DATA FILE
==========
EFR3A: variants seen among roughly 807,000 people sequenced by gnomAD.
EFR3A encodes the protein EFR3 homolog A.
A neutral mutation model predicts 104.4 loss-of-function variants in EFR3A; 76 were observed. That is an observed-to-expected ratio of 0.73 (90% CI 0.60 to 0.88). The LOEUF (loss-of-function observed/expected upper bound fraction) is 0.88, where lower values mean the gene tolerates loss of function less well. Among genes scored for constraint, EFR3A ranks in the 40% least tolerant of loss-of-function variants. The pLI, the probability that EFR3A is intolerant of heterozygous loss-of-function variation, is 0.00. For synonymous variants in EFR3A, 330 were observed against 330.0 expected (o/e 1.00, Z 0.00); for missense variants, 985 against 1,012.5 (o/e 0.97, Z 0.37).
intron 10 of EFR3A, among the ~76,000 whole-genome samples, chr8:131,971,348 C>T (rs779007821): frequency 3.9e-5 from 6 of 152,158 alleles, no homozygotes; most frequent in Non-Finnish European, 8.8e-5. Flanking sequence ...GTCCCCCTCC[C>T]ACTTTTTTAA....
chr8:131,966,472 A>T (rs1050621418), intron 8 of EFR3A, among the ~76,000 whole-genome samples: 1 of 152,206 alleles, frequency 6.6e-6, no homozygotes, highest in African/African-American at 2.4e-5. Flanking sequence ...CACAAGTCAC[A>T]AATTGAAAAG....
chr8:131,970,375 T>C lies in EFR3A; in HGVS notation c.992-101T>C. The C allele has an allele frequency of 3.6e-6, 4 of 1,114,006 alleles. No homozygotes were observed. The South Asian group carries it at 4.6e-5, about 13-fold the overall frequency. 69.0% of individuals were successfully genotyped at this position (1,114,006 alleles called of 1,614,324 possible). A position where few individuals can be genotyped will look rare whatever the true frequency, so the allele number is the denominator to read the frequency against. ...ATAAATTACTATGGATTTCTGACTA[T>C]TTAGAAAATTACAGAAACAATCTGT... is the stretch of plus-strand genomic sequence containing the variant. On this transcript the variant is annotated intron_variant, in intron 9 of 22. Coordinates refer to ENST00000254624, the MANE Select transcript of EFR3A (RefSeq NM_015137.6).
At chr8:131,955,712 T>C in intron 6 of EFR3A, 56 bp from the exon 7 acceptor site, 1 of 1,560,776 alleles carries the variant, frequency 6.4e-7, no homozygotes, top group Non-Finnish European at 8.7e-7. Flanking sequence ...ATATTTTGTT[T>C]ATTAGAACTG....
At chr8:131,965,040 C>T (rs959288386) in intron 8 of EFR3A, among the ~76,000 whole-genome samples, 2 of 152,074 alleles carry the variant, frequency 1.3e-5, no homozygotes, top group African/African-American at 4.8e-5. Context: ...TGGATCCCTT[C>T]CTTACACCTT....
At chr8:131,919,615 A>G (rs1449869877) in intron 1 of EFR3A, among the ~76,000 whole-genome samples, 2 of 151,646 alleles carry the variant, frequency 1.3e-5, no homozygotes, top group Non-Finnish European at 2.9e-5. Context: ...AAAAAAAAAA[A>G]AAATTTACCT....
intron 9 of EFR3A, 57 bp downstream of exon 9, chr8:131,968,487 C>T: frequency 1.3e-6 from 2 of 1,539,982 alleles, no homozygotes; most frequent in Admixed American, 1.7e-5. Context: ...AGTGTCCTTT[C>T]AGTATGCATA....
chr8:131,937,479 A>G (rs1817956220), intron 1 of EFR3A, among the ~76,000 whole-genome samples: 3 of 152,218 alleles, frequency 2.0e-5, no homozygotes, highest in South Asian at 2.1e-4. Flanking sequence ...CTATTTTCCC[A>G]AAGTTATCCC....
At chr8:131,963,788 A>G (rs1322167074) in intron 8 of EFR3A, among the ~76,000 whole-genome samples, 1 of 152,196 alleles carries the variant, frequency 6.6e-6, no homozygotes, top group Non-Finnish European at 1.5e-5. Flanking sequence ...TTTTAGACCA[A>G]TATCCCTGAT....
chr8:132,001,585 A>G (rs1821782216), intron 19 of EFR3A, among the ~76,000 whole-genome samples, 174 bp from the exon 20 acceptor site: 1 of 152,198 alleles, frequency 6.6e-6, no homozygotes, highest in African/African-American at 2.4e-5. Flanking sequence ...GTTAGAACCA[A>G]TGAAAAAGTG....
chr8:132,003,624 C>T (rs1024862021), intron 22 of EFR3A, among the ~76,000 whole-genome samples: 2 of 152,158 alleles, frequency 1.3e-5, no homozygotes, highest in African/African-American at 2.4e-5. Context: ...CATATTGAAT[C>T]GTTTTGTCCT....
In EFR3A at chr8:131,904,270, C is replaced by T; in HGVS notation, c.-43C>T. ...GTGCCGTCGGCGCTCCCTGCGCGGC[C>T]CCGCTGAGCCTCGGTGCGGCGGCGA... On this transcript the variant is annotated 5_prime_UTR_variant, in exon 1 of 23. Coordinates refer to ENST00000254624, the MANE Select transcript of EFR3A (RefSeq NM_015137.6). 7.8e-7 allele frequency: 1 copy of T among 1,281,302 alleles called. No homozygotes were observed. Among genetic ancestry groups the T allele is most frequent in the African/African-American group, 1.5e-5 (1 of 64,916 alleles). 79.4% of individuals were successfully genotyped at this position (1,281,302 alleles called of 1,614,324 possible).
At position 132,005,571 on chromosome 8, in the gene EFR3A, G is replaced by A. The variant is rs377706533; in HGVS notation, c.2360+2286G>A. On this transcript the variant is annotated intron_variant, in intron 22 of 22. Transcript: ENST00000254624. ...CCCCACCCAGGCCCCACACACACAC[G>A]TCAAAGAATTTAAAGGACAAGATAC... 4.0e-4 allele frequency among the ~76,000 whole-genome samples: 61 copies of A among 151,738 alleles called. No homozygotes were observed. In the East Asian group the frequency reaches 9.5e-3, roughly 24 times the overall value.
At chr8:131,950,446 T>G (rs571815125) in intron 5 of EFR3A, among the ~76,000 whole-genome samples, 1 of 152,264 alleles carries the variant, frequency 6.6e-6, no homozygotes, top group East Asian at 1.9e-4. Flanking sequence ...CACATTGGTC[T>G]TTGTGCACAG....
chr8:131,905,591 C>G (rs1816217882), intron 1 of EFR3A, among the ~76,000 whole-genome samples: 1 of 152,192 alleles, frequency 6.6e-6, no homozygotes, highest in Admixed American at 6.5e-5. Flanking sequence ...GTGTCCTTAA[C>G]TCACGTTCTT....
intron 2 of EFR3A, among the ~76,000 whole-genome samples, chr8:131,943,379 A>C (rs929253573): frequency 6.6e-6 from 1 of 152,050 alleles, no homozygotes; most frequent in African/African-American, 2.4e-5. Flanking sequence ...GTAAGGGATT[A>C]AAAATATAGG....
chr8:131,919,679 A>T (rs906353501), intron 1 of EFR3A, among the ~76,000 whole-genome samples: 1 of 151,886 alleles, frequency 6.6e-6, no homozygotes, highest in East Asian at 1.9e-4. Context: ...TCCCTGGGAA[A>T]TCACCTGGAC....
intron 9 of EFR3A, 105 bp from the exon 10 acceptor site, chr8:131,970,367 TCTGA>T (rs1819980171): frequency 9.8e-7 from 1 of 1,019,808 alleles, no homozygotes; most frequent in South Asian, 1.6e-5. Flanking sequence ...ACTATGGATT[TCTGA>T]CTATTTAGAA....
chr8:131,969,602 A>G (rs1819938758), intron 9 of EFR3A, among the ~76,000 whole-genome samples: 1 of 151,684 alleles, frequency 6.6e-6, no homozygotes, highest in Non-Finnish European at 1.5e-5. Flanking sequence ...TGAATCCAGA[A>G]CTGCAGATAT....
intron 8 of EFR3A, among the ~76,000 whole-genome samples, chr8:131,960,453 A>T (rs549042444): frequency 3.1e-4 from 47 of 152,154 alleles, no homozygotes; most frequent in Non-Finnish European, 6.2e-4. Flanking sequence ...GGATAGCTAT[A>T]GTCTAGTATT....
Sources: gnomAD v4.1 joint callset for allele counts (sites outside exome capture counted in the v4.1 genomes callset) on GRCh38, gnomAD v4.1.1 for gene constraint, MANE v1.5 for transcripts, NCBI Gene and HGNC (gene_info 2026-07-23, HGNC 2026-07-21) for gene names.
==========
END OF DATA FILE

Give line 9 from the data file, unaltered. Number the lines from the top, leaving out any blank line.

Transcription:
At chr8:131,919,615 A>G (rs1449869877) in intron 1 of EFR3A, among the ~76,000 whole-genome samples, 2 of 151,646 alleles carry the variant, frequency 1.3e-5, no homozygotes, top group Non-Finnish European at 2.9e-5. Context: ...AAAAAAAAAA[A>G]AAATTTACCT....